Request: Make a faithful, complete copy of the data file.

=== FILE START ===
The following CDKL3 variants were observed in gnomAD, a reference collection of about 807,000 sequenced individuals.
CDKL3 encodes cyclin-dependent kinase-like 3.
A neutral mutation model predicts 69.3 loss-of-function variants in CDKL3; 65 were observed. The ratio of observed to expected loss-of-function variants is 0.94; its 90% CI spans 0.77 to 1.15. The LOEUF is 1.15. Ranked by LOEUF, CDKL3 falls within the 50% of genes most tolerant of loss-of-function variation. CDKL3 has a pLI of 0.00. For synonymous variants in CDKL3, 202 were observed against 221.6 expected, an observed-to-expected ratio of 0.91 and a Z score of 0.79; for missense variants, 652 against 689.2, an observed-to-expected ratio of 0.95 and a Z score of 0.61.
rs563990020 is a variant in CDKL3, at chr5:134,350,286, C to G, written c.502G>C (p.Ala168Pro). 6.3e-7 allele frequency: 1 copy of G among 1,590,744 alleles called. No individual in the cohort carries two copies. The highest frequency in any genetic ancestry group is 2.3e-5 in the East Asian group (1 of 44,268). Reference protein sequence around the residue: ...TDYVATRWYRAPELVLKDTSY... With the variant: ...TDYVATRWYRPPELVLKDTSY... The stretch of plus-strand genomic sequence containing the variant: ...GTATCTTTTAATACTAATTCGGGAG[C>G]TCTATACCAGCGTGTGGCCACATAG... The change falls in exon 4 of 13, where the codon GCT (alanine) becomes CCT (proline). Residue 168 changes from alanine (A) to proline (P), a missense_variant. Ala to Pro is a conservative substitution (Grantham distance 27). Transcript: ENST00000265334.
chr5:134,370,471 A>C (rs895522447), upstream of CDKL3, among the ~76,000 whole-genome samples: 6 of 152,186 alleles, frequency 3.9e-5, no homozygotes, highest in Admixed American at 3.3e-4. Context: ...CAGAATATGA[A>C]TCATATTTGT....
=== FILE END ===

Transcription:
The following CDKL3 variants were observed in gnomAD, a reference collection of about 807,000 sequenced individuals.
CDKL3 encodes cyclin-dependent kinase-like 3.
A neutral mutation model predicts 69.3 loss-of-function variants in CDKL3; 65 were observed. The ratio of observed to expected loss-of-function variants is 0.94; its 90% CI spans 0.77 to 1.15. The LOEUF is 1.15. Ranked by LOEUF, CDKL3 falls within the 50% of genes most tolerant of loss-of-function variation. CDKL3 has a pLI of 0.00. For synonymous variants in CDKL3, 202 were observed against 221.6 expected, an observed-to-expected ratio of 0.91 and a Z score of 0.79; for missense variants, 652 against 689.2, an observed-to-expected ratio of 0.95 and a Z score of 0.61.
rs563990020 is a variant in CDKL3, at chr5:134,350,286, C to G, written c.502G>C (p.Ala168Pro). 6.3e-7 allele frequency: 1 copy of G among 1,590,744 alleles called. No individual in the cohort carries two copies. The highest frequency in any genetic ancestry group is 2.3e-5 in the East Asian group (1 of 44,268). Reference protein sequence around the residue: ...TDYVATRWYRAPELVLKDTSY... With the variant: ...TDYVATRWYRPPELVLKDTSY... The stretch of plus-strand genomic sequence containing the variant: ...GTATCTTTTAATACTAATTCGGGAG[C>G]TCTATACCAGCGTGTGGCCACATAG... The change falls in exon 4 of 13, where the codon GCT (alanine) becomes CCT (proline). Residue 168 changes from alanine (A) to proline (P), a missense_variant. Ala to Pro is a conservative substitution (Grantham distance 27). Transcript: ENST00000265334.
chr5:134,370,471 A>C (rs895522447), upstream of CDKL3, among the ~76,000 whole-genome samples: 6 of 152,186 alleles, frequency 3.9e-5, no homozygotes, highest in Admixed American at 3.3e-4. Context: ...CAGAATATGA[A>C]TCATATTTGT....